The public, touched to the core by Colin’s plight, sent donations flooding in and the target was reached and exceeded within weeks. However, the wait for a new liver for Colin was a long one. By the time Colin finally got his operation, he was over two, very weak and Margaret and dad Leonard were finding the attention on the family almost an extra cross to bear.
The op was successful and today the family have tried to retreat hugely from the limelight. “The whole object of it (the McStay’s fundraising appeal) was to give him a normal life and that’s his life now,” says Margaret from the family home in Rathmines, Dublin.
Colin doesn’t like to give interviews about his past although the family are contacted about three times a year for one. The response to Colin as a tot was so enormous that the nation began to feel that he was, partly, everybody’s child. It is only by his retreat into anonymity that he feels he can make his life his own.
Ironically, Colin went on to study journalism and is now, says Margaret, freelancing and trying to build his CV of published work.
“What’s difficult for him is if he rings someone to ask them about something from another perspective, people basically start saying, ‘Are you him?’” says Margaret. “So you know if you’re going to be in that field, you really have to put away your own story so that it’s the other person’s story that is interesting.
“We’re back into private life and that’s where we’d like to stay. I don’t like saying ‘No’ but it just seems all round better for all of us. It’s been that way for a long while now.”
Brian Keenan would understand how hard it is to not let one period of your life define the rest of your days. When the author and former teacher released from over four years of being held hostage in Beirut in August 1990, he took himself off to the wilds of the Irish countryside for three years. He had to come to terms with both the trauma and torture he had endured in captivity – but also to get away from the intense scrutiny that was a result of the huge campaign to get him out.
Obviously, given his isolation in Beirut, it had all come as a shock to him. In 1999, he spoke of how he had even had to leave his sisters Elaine and Brenda, who had campaigned so tirelessly on his behalf.
“I left them after three days,” he said then, explaining that “It seemed like rejection, but it wasn’t in my nature to let them nursemaid me.” He now sees them regularly, as he does former hostage John McCarthy.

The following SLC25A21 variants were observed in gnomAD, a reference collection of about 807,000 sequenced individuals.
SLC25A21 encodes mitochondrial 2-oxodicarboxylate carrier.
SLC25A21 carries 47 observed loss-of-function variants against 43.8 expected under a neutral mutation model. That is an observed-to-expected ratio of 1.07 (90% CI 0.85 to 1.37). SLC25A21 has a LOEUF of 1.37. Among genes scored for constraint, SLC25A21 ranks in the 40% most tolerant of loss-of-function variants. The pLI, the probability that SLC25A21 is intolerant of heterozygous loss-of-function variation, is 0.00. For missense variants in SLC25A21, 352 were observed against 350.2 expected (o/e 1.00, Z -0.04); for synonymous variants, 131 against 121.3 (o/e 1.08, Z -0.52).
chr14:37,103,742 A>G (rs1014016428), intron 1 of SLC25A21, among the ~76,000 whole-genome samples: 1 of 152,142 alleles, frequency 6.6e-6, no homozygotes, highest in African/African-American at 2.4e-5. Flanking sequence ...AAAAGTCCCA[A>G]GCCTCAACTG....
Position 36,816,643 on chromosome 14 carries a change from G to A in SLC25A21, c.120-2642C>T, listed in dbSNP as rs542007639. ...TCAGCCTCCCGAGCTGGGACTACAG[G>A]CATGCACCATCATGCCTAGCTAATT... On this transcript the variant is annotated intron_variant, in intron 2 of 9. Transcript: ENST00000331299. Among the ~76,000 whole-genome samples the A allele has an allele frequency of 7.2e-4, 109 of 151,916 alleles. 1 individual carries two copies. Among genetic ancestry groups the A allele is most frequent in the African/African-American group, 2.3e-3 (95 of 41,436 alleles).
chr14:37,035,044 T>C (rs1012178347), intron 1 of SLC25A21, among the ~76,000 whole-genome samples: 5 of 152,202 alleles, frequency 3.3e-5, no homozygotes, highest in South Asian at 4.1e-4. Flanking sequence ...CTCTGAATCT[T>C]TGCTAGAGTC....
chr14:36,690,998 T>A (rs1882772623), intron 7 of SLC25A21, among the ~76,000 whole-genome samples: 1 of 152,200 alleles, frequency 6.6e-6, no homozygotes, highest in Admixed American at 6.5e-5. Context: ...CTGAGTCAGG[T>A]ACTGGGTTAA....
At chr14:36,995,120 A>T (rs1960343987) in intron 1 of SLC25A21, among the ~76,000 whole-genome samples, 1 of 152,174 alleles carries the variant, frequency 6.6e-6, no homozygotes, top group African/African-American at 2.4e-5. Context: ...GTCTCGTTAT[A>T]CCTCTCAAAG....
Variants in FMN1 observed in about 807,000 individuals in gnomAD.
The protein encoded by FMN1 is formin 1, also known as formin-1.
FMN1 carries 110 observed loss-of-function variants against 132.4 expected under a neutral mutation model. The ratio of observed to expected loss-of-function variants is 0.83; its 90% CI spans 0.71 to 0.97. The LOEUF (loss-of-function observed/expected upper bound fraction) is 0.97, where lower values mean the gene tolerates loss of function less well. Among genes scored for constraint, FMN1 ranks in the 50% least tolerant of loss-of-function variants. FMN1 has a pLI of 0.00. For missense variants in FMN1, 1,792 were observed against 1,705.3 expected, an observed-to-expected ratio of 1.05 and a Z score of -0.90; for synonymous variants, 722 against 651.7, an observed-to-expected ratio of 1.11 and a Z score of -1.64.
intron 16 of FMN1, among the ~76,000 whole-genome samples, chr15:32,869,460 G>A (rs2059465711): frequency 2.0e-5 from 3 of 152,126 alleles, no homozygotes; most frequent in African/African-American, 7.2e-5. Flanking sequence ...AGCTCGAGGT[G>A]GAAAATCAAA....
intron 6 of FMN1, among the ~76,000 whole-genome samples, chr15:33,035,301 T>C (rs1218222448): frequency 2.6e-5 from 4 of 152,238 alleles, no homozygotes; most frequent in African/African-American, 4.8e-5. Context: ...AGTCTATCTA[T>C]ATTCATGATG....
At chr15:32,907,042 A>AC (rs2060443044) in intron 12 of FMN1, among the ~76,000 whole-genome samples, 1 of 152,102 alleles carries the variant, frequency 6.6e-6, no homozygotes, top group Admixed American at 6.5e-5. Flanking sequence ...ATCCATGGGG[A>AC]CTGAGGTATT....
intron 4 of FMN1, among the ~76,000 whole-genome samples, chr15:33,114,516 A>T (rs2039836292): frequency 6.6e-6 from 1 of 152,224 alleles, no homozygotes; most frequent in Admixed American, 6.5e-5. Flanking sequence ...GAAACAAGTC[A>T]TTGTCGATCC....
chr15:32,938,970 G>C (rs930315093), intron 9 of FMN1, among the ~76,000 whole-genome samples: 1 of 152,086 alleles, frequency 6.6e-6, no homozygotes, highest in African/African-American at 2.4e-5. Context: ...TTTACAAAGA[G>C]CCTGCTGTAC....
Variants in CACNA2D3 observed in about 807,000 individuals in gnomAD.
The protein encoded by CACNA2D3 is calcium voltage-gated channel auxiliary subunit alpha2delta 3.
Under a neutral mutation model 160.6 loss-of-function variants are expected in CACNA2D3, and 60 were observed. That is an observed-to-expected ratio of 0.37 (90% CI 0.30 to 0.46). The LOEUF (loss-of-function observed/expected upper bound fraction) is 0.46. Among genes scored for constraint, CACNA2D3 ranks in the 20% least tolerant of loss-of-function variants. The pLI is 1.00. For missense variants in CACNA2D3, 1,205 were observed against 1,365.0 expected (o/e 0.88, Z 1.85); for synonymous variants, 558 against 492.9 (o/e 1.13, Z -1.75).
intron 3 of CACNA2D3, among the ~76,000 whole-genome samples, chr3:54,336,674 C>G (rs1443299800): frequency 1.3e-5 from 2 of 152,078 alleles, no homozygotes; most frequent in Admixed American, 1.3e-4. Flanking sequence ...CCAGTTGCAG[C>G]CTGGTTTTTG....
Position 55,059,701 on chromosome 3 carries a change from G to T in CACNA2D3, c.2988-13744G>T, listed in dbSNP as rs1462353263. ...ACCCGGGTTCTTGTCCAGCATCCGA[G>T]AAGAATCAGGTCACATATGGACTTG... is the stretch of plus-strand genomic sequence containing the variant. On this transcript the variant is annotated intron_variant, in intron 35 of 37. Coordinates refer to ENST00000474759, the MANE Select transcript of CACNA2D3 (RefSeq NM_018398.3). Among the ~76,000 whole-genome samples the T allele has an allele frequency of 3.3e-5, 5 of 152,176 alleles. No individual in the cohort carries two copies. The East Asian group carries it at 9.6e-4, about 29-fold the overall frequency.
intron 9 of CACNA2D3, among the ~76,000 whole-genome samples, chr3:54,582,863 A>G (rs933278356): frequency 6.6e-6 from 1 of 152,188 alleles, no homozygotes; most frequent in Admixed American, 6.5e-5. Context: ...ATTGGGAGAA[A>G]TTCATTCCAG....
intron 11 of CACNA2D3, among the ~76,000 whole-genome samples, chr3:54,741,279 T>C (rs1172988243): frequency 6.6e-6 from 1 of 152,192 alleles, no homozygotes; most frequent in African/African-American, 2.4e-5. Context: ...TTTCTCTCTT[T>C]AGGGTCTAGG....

Our image of Keenan might be frozen to that moment when he emerged, hollow-cheeked but smiling, at the top of a set of airplane stairs on an August night 20 years ago – but his life has moved on. He is married now to physiotherapist Audrey and they have two young sons, Jack and Cal. “My children,” he said last year as he published a memoir of his childhood in Belfast, “are among the few people in the world who don’t think of me as an ex-hostage”.
On a different but no less important level, Veronica Cassidy has found that while the public may sometimes wonder, ‘Where are they now?’, her children’s lives have also progressed from our last photographs of them on their first day at school.
“The last big thing really was when they started school and that was it basically,” she says. “There would have been a lot of attention on them on their birthdays up until they were five. But we had Communion this year and there wasn’t a thing about it and that was great.”
Being adored by the nation didn’t really hurt the children though. “They did behind it all feel a bit special, and they did enjoy it,” says Veronica. When sextuplets were born to a couple in Belfast last year, one of her boys was even heard to remark, ‘We’re not famous anymore now!’. “That’s right – he was a bit starstruck by it all for a while,” laughs Veronica.
These stories, at least, had joyous endings. Others that remain with us do so because of a deep sense of poignancy that never quite goes away. Philip Cairns, the 13-year-old Dublin schoolboy who went missing in 1986, is obviously never far from the minds of his family. He disappeared on the way to school in Rathfarnham one bright October morning. His schoolbag, found in a nearby laneway days after he went missing, dry despite hours of heavy rain so evidently planted there by somebody, was the only trace ever found of Philip.